Perimeter is a 3D real-time strategy game that plays a bit differently than other games in the genre. Sure, you still have units, structures, and resources, but it is in how these elements are utilized that Perimeter separates itself from its sci-fi RTS brethren.
There is a single resource in the game, energy, and to produce it you build special energy core structures. The catch is that these energy cores draw their power from the ground on which they are built, but the ground is seldom flat enough to build on. The fully 3D maps are filled with mountains, gullies, and other terrain features that are not conducive to base-building. That’s where the game’s terraforming feature comes into play. In Perimeter you can designate a swathe of land for flattening and special robots will go to work to transform a mountainous landscape into flat plains. It’s actually pretty cool to watch the robots at work as they will dig pits in the surrounding terrain to collect the dirt that they need to create a nice smooth surface.
|A base puts up its shield.|
There are several reasons why you’ll need to carefully plan your terraforming projects instead of taking on a grand campaign to flatten each world you encounter. First of all it takes these robots a little time and energy as well to flatten the terrain and it won’t do you much good if you’ve got robots all over the place haphazardly flattening terrain. Also, the energy cores will only produce energy when they are placed within the transmission radius of another core and your core network must link up with your “frame”, your mobile mothership/town hall structure, so you need to expand in a methodical manner. Finally, Perimeter derives its name from a special feature of the energy cores. You can use your cores to create a force field around your base that will keep all enemy units out. The force field requires a tremendous amount of energy to sustain, but it can be a godsend in a pinch. Of course you’ll need to plan the layout of your cores well so that you don’t leave gaps in your perimeter field.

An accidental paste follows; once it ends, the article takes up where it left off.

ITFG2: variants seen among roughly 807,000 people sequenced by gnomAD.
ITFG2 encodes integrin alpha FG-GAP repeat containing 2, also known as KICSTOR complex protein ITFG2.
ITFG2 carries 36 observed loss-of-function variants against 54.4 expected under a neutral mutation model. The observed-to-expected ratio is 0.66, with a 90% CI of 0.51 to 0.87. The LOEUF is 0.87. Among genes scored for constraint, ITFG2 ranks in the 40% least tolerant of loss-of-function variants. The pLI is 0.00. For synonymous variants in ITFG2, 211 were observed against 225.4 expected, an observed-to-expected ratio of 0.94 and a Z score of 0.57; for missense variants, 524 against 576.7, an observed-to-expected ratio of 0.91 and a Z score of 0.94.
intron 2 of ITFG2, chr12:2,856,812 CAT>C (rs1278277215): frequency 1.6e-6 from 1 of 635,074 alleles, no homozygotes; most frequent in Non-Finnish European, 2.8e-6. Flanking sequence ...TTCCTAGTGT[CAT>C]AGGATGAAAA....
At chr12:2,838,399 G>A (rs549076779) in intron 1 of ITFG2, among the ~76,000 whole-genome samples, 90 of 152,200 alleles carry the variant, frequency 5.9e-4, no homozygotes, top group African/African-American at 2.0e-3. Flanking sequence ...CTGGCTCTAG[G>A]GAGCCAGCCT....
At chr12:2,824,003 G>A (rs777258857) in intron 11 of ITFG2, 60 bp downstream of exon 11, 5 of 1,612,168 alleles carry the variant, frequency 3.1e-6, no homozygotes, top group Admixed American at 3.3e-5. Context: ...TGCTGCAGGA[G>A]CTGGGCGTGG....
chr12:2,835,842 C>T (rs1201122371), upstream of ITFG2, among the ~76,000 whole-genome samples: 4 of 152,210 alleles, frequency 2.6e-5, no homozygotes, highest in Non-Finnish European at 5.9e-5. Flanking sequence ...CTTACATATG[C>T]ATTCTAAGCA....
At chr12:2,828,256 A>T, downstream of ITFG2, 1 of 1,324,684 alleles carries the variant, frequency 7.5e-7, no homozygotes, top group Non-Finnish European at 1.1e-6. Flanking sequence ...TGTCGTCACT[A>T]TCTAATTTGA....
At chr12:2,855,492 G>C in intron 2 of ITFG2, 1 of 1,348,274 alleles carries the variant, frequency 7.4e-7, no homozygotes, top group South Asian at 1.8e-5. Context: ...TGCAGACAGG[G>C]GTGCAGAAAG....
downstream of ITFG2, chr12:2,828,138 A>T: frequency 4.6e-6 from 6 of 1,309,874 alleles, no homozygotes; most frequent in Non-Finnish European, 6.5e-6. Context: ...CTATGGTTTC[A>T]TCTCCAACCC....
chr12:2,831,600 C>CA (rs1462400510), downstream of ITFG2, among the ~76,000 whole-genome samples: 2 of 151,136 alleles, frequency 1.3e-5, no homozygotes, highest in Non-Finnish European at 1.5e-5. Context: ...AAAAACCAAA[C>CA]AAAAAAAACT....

Perimeter also takes a different approach to unit building than most other RTS games. Instead of providing an array of specialized units, Perimeter has only three basic unit types, soldiers, officers, and technicians. These robotic units are very versatile and can be combined to form a myriad of unit types – snipers, rocket launchers, tanks, choppers, and more. All it takes is a little bit of energy and the presence of the requisite structures and you’ve got a very dynamic and versatile fighting force. On the downside, once you’ve got this force in play it can be a little difficult to control. The first issue is that the units are tiny. Sure you can zoom the camera in, but at the standard zoom level that gives you a practical field of view, many of the units literally appear as dots on the screen. Once you find and select them they’ll be surrounded by a HUD-like green marker, so most of the time it feels like you’re moving around triangles and circles instead of transforming robots. Also, there’s none of the standard grouping and unit management features that are pretty much the de facto standard for the genre and far too often I found myself hunting for units when I needed them the most. The last issue I had with the units was with their AI. The pathfinding is too direct and single-minded in that units will struggle to cross mountains in their path rather than take an easy shortcut through adjacent flatlands. I’ve also seen units follow each other lemming-like to their doom through the holes and gaps in the “floating” maps. Also, while the AI does have the concept of the benefit of concentrated fire, it follows it to a fault. When faced with an enemy mass of low-level units you’ll see your entire army haphazardly concentrate its fire on one enemy at a time in an orgy of overkill.